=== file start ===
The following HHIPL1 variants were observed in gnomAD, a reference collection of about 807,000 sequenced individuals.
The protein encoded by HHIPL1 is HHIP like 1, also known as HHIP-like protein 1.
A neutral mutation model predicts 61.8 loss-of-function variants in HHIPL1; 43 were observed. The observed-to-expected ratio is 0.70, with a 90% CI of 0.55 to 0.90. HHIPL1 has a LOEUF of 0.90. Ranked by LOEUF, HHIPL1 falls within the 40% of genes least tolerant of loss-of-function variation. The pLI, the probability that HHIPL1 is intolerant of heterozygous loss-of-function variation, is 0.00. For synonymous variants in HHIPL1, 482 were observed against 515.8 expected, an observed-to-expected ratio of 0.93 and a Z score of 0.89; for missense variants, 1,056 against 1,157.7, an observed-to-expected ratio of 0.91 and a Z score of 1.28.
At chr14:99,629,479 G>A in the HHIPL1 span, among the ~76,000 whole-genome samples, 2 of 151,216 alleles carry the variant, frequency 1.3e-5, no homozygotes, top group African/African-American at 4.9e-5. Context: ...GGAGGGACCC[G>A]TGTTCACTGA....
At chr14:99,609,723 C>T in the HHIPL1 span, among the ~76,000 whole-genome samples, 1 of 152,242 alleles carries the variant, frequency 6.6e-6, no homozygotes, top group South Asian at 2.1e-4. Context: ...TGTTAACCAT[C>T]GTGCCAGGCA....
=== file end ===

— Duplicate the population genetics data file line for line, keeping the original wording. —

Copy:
The following HHIPL1 variants were observed in gnomAD, a reference collection of about 807,000 sequenced individuals.
The protein encoded by HHIPL1 is HHIP like 1, also known as HHIP-like protein 1.
A neutral mutation model predicts 61.8 loss-of-function variants in HHIPL1; 43 were observed. The observed-to-expected ratio is 0.70, with a 90% CI of 0.55 to 0.90. HHIPL1 has a LOEUF of 0.90. Ranked by LOEUF, HHIPL1 falls within the 40% of genes least tolerant of loss-of-function variation. The pLI, the probability that HHIPL1 is intolerant of heterozygous loss-of-function variation, is 0.00. For synonymous variants in HHIPL1, 482 were observed against 515.8 expected, an observed-to-expected ratio of 0.93 and a Z score of 0.89; for missense variants, 1,056 against 1,157.7, an observed-to-expected ratio of 0.91 and a Z score of 1.28.
At chr14:99,629,479 G>A in the HHIPL1 span, among the ~76,000 whole-genome samples, 2 of 151,216 alleles carry the variant, frequency 1.3e-5, no homozygotes, top group African/African-American at 4.9e-5. Context: ...GGAGGGACCC[G>A]TGTTCACTGA....
At chr14:99,609,723 C>T in the HHIPL1 span, among the ~76,000 whole-genome samples, 1 of 152,242 alleles carries the variant, frequency 6.6e-6, no homozygotes, top group South Asian at 2.1e-4. Context: ...TGTTAACCAT[C>T]GTGCCAGGCA....